Synchronous existence of primary lung cancer with BALT lymphoma is relatively uncommon. The estimated frequency of synchronous lung cancers has been reported to be from 0.2% to 8% [2]. Synchronous multiple primary cancer is defined as two or more tumors occurring within six months of each other and include the following diagnostic criteria: a) the cancer must be clearly malignant as determined by histologic evaluation; b) each cancer must be geographically separate and distinct; and c) the possibility that the second tumor represents a metastasis should be excluded.

SCLC represents about 25%–30% of all lung cancers most of which present as central tumors [3]. After adenocarcinoma, SCLC is the most frequent histologic subtype in NSCLC. It arises from bronchial epithelial cells through squamous metaplasia/dysplasia and is characterized by keratinization and/or intercellular bridges [4]. Risk factors for SCLC include cigarette smoking, second-hand smoke, ionizing radiation, air pollution, occupational exposure to asbestos, silica, and arsenic [5].

BALT lymphoma is a low-grade primary B cell lymphoma, a distinct subtype of NHL. It is the most common type of primary pulmonary lymphoma and develops from mucosa-associated lymphoid tissue [6]. BALT lymphoma is associated with various connective tissue diseases including rheumatoid arthritis, systemic lupus erythematosus (SLE), and especially, Sjögren's syndrome. Other associated factors include infectious causes such as mycobacterium avium complex, mycobacterium tuberculosis, Epstein-Barr virus, and human herpesvirus 8 (HHV-8) [7]. In our case, the patient’s history of systemic lupus erythematosus may be a relevant association. 

Pathological diagnosis is required for both the hematologic and solid tumor malignancy and may be obtained by bronchial or transbronchial biopsies, CT-guided percutaneous needle biopsies or surgical biopsies [8]. In our case, we obtained bronchial and pleural fluid samples, which revealed IgH gene arrangement demonstrating monoclonality of the B cell population. SCLC was diagnosed by a CT-guided needle biopsy.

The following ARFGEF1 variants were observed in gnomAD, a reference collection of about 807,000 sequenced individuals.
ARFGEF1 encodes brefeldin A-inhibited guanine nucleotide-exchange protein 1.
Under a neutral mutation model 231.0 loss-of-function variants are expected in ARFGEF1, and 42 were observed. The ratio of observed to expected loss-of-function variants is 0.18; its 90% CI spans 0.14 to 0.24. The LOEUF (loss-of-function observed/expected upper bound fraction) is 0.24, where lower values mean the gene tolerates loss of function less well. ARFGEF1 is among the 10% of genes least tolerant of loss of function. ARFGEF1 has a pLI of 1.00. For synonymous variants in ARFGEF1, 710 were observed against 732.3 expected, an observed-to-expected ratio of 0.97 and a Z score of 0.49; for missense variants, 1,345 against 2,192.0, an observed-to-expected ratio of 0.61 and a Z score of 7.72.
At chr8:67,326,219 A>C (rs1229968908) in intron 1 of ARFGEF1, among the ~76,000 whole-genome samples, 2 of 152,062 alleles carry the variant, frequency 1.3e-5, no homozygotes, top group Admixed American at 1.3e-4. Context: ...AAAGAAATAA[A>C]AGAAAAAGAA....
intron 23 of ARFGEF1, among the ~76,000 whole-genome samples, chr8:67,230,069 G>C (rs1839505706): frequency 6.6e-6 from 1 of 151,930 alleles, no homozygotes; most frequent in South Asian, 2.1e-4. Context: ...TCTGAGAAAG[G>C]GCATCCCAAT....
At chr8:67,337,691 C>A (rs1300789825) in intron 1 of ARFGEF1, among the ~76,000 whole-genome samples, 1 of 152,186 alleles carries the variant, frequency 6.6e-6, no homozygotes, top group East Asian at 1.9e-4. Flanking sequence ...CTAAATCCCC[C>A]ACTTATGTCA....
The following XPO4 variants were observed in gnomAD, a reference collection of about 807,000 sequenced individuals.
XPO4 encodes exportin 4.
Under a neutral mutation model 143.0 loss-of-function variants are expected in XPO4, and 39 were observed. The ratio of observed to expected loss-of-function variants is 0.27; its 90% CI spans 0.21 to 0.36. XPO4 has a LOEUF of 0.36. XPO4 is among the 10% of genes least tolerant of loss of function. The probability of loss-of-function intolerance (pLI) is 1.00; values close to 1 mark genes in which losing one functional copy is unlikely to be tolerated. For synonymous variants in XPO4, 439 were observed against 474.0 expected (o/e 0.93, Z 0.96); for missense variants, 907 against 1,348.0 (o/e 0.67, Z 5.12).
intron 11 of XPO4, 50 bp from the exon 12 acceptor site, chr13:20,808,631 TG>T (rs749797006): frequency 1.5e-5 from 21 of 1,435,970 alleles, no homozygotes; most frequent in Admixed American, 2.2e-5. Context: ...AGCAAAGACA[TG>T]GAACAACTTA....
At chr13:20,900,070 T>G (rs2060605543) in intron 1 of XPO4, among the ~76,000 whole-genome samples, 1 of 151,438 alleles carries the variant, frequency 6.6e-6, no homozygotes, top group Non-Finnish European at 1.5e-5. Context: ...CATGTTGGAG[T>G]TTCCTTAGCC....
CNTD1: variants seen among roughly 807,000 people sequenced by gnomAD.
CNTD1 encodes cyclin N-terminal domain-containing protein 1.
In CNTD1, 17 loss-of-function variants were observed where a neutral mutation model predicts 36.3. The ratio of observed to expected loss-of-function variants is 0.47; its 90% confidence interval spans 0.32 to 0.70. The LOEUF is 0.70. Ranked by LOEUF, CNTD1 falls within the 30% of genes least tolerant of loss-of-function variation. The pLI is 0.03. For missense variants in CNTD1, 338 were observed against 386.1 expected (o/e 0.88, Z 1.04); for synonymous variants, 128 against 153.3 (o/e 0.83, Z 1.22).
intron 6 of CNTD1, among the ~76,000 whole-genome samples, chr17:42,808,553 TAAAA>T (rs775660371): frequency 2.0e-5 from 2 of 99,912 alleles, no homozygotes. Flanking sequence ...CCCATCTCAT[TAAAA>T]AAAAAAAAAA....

As described in our case, the lymphomatous pleural effusion initially masked the concurrent tumor and the possibility that the soft tissue density represented another tumor was not entertained following the diagnosis of BALT lymphoma until the repeat PET-CT scan during clinical follow up demonstrated an increased pathologic FDG uptake consistent with biologic tumor activity. This emphasizes the fact that tissue biopsy must be taken separately if there are concurrent lesions and the possible existence of another cancer should be considered if the clinical course aggravates despite treatment.

Synchronous malignancies in the same anatomical site are very unusual [9-10]. This case is one of those scarce reports of the simultaneous occurrence of BALT lymphoma and SCLC in the same anatomical site. However, the cause of synchronous lesions in our case is uncertain. Possible causes may include shared risk factors and genetic/chromosomal alterations contributing to the development of both tumors. Although the cause in the presented case in unknown, we can speculate that certain risk factors like smoking for SCLC and history of autoimmune disease for BALT lymphoma could lead to the existence of both tumors in our case. Reporting of cases of synchronous lung cancers is necessary to elucidate other associated factors.


This report highlights the challenges associated with establishing an accurate diagnosis for these rare neoplasms. Although there are reports of synchronous occurrence of solid tumors with hematological malignancies, no pathological correlation has been established. This raises the question of whether this synchrony is just a chance occurrence or is there an underlying shared pathogenesis.


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Case report

Synchronous Pulmonary Neoplasms: A Chance Occurrence or is There More Than Meets the Eye?

Author Information

Uroosa Ibrahim Corresponding Author

Department of Hematology and Oncology, Staten Island University Hospital, STATEN ISLAND, USA

Amina Saqib

Pulmonary/critical Care, Robert Wood Johnson Hospital, New Brunswick, USA

Manisha Pant

Medicine, Staten Island University Hospital, Staten Island, USA

Gwenalyn Garcia

Department of Hematology and Oncology, Staten Island University Hospital

Marcel Odaimi

Department of Hematology and Oncology, Staten Island University Hospital

Ethics Statement and Conflict of Interest Disclosures

Human subjects: Consent was obtained by all participants in this study. Conflicts of interest: In compliance with the ICMJE uniform disclosure form, all authors declare the following: Payment/services info: All authors have declared that no financial support was received from any organization for the submitted work. Financial relationships: All authors have declared that they have no financial relationships at present or within the previous three years with any organizations that might have an interest in the submitted work. Other relationships: All authors have declared that there are no other relationships or activities that could appear to have influenced the submitted work.

Case report

Synchronous Pulmonary Neoplasms: A Chance Occurrence or is There More Than Meets the Eye?